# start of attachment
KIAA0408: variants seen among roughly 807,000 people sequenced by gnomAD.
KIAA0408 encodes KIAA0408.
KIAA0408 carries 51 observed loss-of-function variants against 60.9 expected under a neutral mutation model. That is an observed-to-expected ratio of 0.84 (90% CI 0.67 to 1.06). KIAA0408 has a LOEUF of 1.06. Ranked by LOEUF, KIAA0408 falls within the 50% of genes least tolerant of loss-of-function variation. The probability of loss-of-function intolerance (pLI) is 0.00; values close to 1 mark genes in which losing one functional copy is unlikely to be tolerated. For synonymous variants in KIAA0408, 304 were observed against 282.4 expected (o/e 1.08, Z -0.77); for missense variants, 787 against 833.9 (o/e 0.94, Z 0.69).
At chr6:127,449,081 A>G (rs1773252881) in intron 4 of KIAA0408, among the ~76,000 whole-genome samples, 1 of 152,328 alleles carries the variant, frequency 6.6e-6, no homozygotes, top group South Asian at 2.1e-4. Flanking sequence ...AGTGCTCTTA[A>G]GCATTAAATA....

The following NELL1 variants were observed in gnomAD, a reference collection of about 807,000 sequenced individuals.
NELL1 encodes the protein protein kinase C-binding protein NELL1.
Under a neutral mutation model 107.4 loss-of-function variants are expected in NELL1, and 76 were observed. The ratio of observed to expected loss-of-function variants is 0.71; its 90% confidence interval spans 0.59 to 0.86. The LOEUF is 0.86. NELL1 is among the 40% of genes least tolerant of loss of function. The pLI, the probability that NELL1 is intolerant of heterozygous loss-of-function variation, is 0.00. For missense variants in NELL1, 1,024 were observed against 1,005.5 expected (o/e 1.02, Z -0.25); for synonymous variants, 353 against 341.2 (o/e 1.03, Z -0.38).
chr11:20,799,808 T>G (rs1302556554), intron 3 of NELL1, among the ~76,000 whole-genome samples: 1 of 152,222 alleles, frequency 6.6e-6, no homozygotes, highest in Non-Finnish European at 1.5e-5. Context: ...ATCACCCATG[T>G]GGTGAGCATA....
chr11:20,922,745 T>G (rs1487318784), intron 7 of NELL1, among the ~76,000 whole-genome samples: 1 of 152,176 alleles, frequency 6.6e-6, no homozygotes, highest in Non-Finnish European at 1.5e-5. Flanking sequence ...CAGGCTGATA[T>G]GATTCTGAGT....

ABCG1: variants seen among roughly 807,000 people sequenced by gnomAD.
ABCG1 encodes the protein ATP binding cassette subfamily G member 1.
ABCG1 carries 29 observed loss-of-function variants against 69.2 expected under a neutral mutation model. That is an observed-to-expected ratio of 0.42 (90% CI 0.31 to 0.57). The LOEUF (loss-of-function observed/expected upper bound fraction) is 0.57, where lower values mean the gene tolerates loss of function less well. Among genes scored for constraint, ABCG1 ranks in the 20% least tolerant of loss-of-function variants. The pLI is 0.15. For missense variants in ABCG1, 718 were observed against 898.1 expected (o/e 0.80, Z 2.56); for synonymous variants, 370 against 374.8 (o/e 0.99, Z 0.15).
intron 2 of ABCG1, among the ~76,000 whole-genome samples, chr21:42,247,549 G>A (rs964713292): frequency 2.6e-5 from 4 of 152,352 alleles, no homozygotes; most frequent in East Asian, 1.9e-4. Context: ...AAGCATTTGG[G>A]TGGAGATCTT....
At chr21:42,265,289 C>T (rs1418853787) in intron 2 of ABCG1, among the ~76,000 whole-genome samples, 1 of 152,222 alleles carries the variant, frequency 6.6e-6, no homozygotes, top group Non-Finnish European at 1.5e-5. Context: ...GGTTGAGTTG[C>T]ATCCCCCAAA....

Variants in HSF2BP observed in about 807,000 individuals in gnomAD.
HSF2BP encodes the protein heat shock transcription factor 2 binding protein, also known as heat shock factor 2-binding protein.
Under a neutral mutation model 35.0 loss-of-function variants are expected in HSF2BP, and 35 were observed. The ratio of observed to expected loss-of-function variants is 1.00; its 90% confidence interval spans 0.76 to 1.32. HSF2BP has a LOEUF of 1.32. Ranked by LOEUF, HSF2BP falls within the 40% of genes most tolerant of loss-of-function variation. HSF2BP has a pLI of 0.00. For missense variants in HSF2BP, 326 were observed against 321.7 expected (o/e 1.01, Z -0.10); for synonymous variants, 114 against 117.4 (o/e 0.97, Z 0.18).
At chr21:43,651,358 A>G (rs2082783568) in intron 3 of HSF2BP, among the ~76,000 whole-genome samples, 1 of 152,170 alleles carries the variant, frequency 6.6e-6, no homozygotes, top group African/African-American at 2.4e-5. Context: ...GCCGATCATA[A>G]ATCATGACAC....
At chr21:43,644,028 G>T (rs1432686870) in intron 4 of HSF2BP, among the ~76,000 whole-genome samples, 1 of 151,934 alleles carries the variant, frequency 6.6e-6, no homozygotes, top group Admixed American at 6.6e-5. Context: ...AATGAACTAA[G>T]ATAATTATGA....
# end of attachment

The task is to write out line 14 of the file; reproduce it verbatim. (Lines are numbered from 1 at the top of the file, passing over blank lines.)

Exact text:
At chr21:42,265,289 C>T (rs1418853787) in intron 2 of ABCG1, among the ~76,000 whole-genome samples, 1 of 152,222 alleles carries the variant, frequency 6.6e-6, no homozygotes, top group Non-Finnish European at 1.5e-5. Context: ...GGTTGAGTTG[C>T]ATCCCCCAAA....